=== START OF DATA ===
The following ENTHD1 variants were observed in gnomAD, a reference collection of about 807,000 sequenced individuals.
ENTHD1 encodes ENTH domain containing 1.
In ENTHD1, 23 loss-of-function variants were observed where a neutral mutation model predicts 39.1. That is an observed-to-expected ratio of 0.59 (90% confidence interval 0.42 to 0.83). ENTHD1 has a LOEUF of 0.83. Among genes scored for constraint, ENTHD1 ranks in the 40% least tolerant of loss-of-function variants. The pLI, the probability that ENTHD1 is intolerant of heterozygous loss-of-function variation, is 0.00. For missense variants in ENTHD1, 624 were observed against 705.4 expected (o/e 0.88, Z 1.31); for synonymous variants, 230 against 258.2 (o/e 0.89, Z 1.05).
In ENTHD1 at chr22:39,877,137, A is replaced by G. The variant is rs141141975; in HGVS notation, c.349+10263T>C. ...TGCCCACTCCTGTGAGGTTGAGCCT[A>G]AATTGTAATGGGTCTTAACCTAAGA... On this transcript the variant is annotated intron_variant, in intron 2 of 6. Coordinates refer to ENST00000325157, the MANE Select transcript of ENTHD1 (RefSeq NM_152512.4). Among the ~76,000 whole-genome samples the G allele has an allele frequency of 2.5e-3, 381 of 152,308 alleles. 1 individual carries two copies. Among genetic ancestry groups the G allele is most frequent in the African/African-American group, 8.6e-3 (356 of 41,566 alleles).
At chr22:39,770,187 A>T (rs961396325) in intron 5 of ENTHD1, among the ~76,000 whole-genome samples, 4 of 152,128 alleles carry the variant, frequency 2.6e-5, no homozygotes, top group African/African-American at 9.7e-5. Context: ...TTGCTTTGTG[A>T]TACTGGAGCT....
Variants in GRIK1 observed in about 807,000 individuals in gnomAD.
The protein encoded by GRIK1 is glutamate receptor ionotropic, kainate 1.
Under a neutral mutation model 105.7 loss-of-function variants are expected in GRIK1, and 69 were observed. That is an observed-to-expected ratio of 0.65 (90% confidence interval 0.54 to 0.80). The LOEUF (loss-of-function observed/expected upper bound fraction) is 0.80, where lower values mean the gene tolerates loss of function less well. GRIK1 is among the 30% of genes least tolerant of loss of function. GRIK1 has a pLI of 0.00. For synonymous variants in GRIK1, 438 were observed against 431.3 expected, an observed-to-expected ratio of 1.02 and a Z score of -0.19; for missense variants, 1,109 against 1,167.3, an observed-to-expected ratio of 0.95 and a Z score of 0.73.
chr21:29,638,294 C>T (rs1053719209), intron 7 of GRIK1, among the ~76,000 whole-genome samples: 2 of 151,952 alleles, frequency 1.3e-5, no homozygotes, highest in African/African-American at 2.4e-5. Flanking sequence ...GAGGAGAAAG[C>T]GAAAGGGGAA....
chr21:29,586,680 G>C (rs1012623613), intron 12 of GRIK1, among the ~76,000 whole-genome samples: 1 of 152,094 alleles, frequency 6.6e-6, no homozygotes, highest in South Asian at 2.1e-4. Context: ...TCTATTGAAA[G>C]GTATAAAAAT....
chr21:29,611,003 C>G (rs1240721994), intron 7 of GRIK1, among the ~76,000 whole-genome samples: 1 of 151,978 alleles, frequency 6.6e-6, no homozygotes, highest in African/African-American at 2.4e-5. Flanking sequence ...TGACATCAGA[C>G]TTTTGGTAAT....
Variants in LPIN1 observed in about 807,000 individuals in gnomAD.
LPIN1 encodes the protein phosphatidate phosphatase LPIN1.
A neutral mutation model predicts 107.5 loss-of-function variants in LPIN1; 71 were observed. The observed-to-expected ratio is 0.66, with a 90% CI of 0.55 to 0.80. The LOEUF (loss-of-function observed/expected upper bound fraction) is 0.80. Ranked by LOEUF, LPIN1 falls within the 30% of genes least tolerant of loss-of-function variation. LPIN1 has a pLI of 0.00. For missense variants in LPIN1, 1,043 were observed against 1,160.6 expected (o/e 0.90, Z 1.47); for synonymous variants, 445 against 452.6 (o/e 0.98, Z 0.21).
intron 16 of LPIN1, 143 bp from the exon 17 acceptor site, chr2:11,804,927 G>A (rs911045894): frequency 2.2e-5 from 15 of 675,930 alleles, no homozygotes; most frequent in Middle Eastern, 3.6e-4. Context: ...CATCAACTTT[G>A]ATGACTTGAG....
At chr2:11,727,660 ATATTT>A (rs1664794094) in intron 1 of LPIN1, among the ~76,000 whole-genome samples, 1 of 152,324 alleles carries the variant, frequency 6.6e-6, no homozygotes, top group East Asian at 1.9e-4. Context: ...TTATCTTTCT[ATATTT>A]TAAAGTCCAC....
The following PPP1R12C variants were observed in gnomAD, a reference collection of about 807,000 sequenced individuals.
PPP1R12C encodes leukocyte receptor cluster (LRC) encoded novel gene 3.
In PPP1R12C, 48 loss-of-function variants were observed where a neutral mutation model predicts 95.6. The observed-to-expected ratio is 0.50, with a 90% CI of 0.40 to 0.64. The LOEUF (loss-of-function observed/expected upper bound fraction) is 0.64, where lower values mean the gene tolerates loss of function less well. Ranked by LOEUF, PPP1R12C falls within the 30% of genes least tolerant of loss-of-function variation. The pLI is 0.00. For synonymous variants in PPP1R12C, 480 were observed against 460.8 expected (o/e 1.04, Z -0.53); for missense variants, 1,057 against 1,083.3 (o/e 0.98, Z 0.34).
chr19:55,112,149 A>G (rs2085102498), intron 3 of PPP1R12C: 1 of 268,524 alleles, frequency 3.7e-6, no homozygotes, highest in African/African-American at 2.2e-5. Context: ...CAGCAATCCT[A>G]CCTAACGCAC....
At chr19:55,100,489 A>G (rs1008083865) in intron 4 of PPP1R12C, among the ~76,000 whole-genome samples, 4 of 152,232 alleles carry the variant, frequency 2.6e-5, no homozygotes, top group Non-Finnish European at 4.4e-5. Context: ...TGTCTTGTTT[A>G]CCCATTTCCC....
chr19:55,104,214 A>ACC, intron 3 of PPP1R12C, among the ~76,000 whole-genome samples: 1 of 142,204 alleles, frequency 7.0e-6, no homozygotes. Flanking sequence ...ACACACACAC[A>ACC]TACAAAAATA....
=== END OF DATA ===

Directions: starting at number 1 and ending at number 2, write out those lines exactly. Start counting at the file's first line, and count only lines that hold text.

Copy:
The following ENTHD1 variants were observed in gnomAD, a reference collection of about 807,000 sequenced individuals.
ENTHD1 encodes ENTH domain containing 1.